Archaeologists found controversial 65,000-year-old cave art really was painted by Neanderthals

Prehistoric cave paintings in Spain show Neanderthals were artists about 65,000 years ago. They were more human-like.
Archaeologists found controversial 65,000-year-old cave art really was painted by Neanderthals 1

According to one of the authors of a recent scientific research, Neanderthals were closer to our species of prehistoric modern human than previously thought, as cave paintings discovered in Spain revealed they had a penchant for producing art.

Neanderthals cave paintings discovered
This curtain of stalactites in Ardales cave in Spain was painted with red pigment more than 65,000 years ago — then again 45,000 years ago. © C.D. Standish

According to a study published in the Proceedings of the National Academy of Sciences (PNAS) journal, red ochre pigment discovered on stalagmites in the Caves of Ardales, near Malaga, in southern Spain, was created by Neanderthals around 65,000 years ago, making them possibly the first artists on Earth. Modern humans were not inhabiting Europe at the time the cave images were made.

However, the discovery was controversial, and a scholarly publication stated that “possibly these colours were a natural phenomenon, a result of iron oxide flow,” according to Francesco d’Errico, co-author of the recent research published in the journal PNAS.

Neanderthals cave paintings discovered
Chemical analysis of the pigments shows that Neanderthals splattered paint onto these stalagmites on three separate occasions spanning 20,000 years. © João Zilhão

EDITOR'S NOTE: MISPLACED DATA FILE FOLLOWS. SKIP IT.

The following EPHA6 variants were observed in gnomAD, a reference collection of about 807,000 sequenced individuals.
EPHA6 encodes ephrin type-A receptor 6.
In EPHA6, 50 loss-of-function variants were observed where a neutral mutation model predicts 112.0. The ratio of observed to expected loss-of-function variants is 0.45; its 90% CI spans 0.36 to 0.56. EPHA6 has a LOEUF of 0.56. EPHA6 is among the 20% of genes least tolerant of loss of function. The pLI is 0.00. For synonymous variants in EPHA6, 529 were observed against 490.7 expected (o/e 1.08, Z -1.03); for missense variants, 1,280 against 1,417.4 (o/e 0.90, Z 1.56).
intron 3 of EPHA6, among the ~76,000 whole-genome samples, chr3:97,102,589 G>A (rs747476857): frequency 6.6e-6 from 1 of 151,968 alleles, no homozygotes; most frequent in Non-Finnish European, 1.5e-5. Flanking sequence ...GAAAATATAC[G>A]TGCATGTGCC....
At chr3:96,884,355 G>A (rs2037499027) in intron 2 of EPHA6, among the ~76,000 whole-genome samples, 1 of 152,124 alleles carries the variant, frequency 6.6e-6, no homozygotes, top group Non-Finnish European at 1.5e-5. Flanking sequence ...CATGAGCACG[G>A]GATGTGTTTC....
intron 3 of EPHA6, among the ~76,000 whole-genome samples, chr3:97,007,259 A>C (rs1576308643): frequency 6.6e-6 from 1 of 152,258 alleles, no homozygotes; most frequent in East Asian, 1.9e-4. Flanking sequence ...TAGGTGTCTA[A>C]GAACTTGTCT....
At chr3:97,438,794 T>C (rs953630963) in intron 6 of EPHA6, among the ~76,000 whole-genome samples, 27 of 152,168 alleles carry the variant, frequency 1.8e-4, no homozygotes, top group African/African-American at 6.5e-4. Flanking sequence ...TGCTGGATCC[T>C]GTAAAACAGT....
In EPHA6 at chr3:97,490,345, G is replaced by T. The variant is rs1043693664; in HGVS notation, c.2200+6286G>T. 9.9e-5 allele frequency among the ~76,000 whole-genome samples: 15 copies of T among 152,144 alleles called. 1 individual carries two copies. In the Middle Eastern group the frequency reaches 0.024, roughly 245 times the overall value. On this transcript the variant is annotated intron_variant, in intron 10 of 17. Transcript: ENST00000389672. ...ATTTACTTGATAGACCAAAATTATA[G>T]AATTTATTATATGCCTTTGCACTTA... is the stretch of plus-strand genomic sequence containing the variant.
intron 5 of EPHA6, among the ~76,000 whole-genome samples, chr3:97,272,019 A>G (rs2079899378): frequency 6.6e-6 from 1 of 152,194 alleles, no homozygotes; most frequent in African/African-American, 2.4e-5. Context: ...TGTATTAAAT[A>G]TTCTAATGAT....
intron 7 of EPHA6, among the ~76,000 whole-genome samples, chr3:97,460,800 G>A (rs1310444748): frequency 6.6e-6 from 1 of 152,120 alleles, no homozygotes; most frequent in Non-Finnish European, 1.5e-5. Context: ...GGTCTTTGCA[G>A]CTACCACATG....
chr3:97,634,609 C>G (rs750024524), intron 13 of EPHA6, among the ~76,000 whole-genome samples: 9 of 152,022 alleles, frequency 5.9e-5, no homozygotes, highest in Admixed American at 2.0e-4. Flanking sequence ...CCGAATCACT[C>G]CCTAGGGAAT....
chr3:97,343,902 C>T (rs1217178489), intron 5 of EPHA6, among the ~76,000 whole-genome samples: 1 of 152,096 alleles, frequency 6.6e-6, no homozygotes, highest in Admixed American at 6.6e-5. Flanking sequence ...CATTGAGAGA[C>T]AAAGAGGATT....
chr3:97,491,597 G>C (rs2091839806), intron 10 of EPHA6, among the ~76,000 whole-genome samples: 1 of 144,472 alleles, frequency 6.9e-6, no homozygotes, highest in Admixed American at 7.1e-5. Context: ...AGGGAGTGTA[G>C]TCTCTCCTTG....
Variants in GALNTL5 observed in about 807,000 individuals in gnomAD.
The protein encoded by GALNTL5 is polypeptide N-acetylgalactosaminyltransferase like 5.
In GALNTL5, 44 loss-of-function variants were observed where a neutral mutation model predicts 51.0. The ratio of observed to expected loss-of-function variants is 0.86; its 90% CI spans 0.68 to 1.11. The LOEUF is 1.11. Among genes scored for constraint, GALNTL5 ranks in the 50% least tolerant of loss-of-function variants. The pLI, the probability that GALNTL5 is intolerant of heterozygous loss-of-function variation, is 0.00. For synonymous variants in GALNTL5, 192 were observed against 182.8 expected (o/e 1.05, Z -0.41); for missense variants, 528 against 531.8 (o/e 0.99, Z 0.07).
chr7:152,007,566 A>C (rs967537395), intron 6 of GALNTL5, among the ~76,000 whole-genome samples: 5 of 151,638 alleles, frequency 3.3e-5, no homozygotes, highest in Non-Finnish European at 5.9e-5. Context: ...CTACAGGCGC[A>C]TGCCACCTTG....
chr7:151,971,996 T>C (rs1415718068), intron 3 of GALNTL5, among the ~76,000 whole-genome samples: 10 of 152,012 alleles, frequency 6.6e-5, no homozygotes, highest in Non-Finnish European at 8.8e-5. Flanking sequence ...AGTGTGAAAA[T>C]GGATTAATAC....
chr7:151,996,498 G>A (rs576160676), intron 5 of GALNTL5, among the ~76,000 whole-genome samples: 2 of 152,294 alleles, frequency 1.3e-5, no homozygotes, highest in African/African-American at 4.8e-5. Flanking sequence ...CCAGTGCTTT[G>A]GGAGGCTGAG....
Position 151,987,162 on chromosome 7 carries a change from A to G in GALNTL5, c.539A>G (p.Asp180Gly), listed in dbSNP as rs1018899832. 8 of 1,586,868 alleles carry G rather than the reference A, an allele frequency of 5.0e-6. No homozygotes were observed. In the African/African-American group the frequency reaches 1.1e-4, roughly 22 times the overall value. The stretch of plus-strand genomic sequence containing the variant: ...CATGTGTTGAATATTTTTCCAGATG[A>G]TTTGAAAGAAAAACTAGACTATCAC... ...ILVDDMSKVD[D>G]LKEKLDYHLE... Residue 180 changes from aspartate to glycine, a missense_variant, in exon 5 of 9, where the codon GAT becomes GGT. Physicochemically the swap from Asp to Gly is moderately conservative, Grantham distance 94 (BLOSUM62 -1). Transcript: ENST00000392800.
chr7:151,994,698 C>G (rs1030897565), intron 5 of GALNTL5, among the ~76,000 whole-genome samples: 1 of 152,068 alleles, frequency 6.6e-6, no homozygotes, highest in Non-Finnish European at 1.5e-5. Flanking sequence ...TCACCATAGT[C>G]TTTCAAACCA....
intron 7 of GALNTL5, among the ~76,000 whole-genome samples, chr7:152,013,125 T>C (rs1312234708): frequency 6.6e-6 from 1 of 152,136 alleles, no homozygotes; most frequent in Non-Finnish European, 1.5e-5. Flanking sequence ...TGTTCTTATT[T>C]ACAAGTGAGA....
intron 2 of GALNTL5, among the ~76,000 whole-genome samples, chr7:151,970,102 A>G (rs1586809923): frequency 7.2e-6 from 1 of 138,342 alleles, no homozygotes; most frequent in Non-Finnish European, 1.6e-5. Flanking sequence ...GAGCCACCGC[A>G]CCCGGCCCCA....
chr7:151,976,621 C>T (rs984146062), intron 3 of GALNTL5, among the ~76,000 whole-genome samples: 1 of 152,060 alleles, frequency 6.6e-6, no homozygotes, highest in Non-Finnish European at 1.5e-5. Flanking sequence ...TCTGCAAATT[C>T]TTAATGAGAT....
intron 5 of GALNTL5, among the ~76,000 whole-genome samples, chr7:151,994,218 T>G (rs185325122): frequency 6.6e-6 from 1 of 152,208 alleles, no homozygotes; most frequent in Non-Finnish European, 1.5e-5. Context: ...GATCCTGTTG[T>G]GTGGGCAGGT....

A fresh examination indicated that the colours’ composition and location were not consistent with natural processes; instead, the colours were applied by splattering and blowing. Furthermore, their texture did not match natural samples collected from the caverns, suggesting that the pigments came from somewhere else.

According to d’Errico of the University of Bordeaux, this “supports the notion that the Neanderthals visited on numerous times, spanning several thousand years, to paint the cave with pigments.”

According to Joao Zilhao, another author of the study, dating methods revealed that Neanderthals spat ochre onto the stalagmites, presumably as part of a ceremony.

It is impossible to compare Neanderthal “art” to prehistoric contemporary human wall paintings, such as those discovered in France’s Chauvet-Pont d’Arc cave, which are over 30,000 years old.

The latest results add to the growing body of evidence that Neanderthals, whose lineage became extinct some 40,000 years ago, were not the crude cousins of Homo sapiens that they had long been depicted to be.

“The significance is that it shapes our perspective of Neanderthals. They were more human-like. Recent study has revealed that they treasured objects, mated with people, and that they decorated caves like us” Zilhao stated.

According to the researcher team, the pigments are not “art” in the traditional sense, but rather “the consequence of visual behaviours bent on preserving the symbolic importance of a location.”

The cave structures “played a crucial role in the symbolic systems of some Neanderthal groups,” albeit the meaning of those signals is still unknown.

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